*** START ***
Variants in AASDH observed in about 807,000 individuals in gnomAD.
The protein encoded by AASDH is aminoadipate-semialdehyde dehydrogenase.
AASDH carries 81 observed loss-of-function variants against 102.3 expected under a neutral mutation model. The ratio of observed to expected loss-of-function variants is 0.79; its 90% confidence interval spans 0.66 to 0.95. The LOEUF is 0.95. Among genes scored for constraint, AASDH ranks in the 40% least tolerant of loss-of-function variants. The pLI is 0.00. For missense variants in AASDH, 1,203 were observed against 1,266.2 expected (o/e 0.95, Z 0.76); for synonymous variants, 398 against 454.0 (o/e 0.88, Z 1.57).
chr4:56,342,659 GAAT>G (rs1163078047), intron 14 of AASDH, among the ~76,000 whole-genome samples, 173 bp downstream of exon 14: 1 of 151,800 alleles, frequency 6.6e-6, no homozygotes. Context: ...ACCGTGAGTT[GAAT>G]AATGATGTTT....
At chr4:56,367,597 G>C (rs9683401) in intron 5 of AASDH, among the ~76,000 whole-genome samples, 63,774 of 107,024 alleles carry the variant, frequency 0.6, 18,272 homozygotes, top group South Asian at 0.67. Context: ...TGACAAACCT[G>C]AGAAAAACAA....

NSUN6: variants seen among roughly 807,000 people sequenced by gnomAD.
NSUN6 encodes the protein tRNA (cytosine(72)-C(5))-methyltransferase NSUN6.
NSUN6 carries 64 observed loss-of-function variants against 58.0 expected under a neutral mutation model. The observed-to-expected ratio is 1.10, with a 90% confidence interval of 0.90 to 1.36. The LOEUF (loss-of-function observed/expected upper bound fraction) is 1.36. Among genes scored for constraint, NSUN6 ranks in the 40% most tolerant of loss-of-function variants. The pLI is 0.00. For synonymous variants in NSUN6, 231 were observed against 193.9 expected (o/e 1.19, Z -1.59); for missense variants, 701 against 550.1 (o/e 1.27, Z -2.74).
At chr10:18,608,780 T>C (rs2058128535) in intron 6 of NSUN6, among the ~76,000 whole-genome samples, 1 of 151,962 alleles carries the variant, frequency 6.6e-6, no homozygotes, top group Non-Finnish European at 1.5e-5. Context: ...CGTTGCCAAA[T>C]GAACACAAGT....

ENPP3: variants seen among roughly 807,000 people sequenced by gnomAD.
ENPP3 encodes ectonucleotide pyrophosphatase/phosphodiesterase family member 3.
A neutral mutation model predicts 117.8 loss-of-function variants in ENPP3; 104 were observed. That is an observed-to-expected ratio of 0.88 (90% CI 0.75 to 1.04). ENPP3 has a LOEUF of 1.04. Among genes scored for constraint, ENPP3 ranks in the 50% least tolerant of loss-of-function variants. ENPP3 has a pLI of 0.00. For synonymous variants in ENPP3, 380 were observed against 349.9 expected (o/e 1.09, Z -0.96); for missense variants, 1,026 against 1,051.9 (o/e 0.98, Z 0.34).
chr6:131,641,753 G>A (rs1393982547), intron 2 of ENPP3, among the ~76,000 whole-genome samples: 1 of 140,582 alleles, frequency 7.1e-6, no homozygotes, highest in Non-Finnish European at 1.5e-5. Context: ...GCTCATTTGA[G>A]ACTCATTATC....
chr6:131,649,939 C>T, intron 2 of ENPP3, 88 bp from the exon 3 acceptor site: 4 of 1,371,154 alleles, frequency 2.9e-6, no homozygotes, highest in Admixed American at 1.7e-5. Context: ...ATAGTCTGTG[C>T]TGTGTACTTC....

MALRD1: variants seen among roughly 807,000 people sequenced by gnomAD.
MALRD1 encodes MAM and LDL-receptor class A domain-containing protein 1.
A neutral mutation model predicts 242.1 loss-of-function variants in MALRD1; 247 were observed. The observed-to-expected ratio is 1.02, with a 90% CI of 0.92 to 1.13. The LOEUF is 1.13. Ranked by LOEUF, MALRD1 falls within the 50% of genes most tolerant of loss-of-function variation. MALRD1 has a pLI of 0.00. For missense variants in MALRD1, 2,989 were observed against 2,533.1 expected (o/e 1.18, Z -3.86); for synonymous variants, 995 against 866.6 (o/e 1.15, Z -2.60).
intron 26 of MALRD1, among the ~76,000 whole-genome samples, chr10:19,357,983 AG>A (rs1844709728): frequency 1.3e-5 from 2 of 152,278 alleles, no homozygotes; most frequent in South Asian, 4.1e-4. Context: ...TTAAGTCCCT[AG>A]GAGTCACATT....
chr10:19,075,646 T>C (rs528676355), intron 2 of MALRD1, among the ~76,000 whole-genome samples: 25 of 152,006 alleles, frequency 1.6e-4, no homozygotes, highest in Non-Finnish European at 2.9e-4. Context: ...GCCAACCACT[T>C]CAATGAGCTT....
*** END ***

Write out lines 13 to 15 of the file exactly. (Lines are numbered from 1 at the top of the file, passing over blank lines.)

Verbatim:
chr6:131,641,753 G>A (rs1393982547), intron 2 of ENPP3, among the ~76,000 whole-genome samples: 1 of 140,582 alleles, frequency 7.1e-6, no homozygotes, highest in Non-Finnish European at 1.5e-5. Context: ...GCTCATTTGA[G>A]ACTCATTATC....
chr6:131,649,939 C>T, intron 2 of ENPP3, 88 bp from the exon 3 acceptor site: 4 of 1,371,154 alleles, frequency 2.9e-6, no homozygotes, highest in Admixed American at 1.7e-5. Context: ...ATAGTCTGTG[C>T]TGTGTACTTC....

MALRD1: variants seen among roughly 807,000 people sequenced by gnomAD.